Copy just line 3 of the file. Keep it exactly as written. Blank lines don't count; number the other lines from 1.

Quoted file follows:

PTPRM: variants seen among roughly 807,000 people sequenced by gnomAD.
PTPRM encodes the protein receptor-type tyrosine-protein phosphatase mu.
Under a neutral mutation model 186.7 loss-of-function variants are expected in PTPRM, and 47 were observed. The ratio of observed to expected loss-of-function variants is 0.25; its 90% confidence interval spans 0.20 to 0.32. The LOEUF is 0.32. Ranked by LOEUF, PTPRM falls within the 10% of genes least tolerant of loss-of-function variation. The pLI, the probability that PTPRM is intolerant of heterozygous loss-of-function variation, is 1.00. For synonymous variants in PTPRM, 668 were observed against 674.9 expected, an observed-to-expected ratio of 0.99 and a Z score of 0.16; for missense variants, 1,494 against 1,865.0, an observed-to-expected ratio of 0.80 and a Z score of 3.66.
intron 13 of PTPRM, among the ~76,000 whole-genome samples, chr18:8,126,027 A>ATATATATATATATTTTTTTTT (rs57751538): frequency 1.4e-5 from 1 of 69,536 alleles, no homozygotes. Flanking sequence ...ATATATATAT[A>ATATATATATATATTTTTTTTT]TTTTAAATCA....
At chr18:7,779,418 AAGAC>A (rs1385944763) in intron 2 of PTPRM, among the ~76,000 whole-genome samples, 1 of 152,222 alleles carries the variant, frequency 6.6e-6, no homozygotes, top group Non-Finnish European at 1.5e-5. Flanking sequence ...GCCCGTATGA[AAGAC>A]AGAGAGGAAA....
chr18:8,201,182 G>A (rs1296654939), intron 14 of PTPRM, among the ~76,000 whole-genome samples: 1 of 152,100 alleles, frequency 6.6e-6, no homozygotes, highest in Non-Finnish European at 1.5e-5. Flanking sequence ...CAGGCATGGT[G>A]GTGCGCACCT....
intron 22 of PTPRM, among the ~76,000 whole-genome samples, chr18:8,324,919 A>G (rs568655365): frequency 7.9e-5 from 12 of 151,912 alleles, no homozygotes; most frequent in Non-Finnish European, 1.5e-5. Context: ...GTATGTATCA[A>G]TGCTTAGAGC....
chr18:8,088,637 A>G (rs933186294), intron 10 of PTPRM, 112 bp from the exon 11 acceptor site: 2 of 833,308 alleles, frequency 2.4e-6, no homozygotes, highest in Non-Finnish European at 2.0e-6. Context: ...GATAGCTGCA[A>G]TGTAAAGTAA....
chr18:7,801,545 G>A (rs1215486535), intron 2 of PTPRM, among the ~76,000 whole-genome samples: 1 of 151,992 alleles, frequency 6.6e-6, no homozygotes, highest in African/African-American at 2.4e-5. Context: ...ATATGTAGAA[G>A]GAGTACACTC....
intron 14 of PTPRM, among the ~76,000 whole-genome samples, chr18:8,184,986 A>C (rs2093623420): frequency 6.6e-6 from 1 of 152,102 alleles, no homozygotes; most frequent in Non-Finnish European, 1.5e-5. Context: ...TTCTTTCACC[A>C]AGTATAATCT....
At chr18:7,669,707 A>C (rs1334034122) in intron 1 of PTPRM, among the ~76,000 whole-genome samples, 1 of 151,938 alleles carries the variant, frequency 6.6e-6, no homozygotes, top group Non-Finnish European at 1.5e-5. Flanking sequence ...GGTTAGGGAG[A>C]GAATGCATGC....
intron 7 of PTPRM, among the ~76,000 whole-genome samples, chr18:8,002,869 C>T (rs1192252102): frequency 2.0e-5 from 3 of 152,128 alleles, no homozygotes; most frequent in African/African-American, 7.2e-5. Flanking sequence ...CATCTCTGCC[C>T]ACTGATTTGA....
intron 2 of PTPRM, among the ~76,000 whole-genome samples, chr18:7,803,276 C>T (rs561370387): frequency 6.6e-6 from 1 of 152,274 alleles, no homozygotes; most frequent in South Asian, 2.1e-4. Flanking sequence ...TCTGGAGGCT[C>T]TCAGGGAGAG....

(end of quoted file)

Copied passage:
Under a neutral mutation model 186.7 loss-of-function variants are expected in PTPRM, and 47 were observed. The ratio of observed to expected loss-of-function variants is 0.25; its 90% confidence interval spans 0.20 to 0.32. The LOEUF is 0.32. Ranked by LOEUF, PTPRM falls within the 10% of genes least tolerant of loss-of-function variation. The pLI, the probability that PTPRM is intolerant of heterozygous loss-of-function variation, is 1.00. For synonymous variants in PTPRM, 668 were observed against 674.9 expected, an observed-to-expected ratio of 0.99 and a Z score of 0.16; for missense variants, 1,494 against 1,865.0, an observed-to-expected ratio of 0.80 and a Z score of 3.66.